Ambulatory centers that fully implemented an electronic prescribing system exhibited greater familiarity with health information technology capabilities and had more modest expectations about the benefits of e-prescribing than practices that never installed or only partially implemented the system, according to a study by the Society of General Internal Medicine in the Journal of General Internal Medicine.
Researchers found that members in practices that implemented e-prescribing anticipated that some challenges would result from the change. In addition, members of such practices viewed the system as a way to improve prescription workflow rather than as a way to make larger-scale changes such as speeding up overall clinical workflow to improve financial returns. On the other hand, practices that did not successfully implement the system discontinued use when the system did not meet their expectations of flawless and speedy workflow.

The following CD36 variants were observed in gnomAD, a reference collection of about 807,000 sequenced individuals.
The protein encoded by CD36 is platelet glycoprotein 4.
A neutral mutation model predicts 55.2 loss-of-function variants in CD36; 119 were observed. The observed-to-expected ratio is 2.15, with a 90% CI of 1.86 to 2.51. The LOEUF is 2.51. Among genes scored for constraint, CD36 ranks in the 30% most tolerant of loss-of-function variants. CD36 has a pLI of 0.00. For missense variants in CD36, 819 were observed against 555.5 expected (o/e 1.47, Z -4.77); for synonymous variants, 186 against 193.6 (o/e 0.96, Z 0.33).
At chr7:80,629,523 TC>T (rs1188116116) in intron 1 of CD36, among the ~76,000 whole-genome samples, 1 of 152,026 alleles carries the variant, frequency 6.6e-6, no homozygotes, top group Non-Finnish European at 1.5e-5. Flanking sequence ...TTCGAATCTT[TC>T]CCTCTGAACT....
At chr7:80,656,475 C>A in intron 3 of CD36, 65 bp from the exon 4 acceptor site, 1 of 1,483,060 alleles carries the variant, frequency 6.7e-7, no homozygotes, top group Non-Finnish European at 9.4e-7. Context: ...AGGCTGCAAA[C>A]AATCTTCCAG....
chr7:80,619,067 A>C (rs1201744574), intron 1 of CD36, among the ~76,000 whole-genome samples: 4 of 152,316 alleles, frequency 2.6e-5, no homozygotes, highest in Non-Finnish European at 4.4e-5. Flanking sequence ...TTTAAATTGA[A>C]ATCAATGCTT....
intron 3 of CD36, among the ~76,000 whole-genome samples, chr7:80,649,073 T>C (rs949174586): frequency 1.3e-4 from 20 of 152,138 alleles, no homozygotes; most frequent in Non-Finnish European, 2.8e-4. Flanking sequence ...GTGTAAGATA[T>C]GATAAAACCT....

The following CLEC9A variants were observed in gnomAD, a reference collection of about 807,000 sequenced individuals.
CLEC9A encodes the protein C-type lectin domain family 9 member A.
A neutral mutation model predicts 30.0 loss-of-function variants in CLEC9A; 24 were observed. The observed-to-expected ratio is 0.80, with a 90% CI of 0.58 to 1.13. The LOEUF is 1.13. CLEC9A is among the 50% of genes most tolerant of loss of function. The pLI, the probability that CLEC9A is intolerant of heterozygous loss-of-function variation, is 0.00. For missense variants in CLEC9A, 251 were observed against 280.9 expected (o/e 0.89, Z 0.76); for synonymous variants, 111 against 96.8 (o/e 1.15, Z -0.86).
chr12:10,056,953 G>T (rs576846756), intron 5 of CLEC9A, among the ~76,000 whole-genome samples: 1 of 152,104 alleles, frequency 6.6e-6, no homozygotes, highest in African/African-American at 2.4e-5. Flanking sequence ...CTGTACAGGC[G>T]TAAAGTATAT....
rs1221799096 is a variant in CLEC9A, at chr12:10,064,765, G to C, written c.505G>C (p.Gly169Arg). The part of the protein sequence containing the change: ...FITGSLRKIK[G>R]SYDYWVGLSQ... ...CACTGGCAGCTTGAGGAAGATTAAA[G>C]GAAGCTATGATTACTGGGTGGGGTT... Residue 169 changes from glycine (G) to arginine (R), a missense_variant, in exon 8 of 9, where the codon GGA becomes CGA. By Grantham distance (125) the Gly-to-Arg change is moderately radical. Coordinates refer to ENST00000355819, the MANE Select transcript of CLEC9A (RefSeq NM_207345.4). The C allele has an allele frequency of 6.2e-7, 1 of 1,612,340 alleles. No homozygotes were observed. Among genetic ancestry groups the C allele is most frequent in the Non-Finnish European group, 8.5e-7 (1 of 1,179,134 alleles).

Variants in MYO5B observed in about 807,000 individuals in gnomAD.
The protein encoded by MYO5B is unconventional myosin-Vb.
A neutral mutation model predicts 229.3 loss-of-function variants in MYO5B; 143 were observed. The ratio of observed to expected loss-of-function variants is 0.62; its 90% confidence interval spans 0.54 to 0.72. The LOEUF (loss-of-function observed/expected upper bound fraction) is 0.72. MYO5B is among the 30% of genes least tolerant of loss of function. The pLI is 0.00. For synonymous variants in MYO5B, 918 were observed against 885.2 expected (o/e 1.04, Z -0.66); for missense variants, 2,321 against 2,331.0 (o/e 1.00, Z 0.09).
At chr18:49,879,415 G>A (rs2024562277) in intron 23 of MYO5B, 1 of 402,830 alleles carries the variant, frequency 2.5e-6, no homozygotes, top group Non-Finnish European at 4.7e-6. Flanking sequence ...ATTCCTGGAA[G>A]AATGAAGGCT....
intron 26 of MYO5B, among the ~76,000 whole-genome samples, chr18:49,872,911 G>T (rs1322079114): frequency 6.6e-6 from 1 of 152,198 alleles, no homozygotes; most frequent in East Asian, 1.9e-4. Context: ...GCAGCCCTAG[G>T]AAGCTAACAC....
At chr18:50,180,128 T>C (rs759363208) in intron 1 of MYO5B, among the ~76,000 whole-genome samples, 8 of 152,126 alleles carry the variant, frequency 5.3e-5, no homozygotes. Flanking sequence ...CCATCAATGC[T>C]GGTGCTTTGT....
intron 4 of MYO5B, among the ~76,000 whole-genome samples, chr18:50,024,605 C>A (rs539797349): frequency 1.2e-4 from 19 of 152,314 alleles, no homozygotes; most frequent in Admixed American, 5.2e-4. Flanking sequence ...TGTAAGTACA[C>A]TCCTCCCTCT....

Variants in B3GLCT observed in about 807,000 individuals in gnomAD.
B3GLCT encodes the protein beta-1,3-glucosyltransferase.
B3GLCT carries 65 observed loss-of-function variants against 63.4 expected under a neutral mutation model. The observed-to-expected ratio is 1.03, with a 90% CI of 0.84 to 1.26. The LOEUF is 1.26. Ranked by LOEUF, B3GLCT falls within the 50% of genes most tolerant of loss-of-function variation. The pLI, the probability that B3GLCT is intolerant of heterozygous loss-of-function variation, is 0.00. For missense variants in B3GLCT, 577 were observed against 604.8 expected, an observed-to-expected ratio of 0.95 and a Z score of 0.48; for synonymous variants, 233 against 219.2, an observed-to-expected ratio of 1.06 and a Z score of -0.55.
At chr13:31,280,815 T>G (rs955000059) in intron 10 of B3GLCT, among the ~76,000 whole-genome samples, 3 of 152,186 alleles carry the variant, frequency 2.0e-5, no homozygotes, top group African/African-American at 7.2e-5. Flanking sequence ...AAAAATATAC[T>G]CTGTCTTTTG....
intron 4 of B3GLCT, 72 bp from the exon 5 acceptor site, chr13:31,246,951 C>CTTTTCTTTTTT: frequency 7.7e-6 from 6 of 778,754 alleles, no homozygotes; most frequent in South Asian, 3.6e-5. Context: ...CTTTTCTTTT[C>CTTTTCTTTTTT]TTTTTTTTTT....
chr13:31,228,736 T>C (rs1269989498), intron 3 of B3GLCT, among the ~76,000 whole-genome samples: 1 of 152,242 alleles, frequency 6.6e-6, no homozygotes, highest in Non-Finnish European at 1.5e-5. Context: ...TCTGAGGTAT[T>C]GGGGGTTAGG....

The researchers recommend that physicians and ambulatory leaders recognize the capabilities and limitations of health IT and plan e-prescribing implementation carefully, making sure that all practice members are prepared for the likely effects the technology will have on prescribing systems and clinical workflow. Furthermore, practices should plan changes to prescription workflow prior to installation to maximize the benefits of the technology (Crosson et al., Journal of General Internal Medicine, April 2008).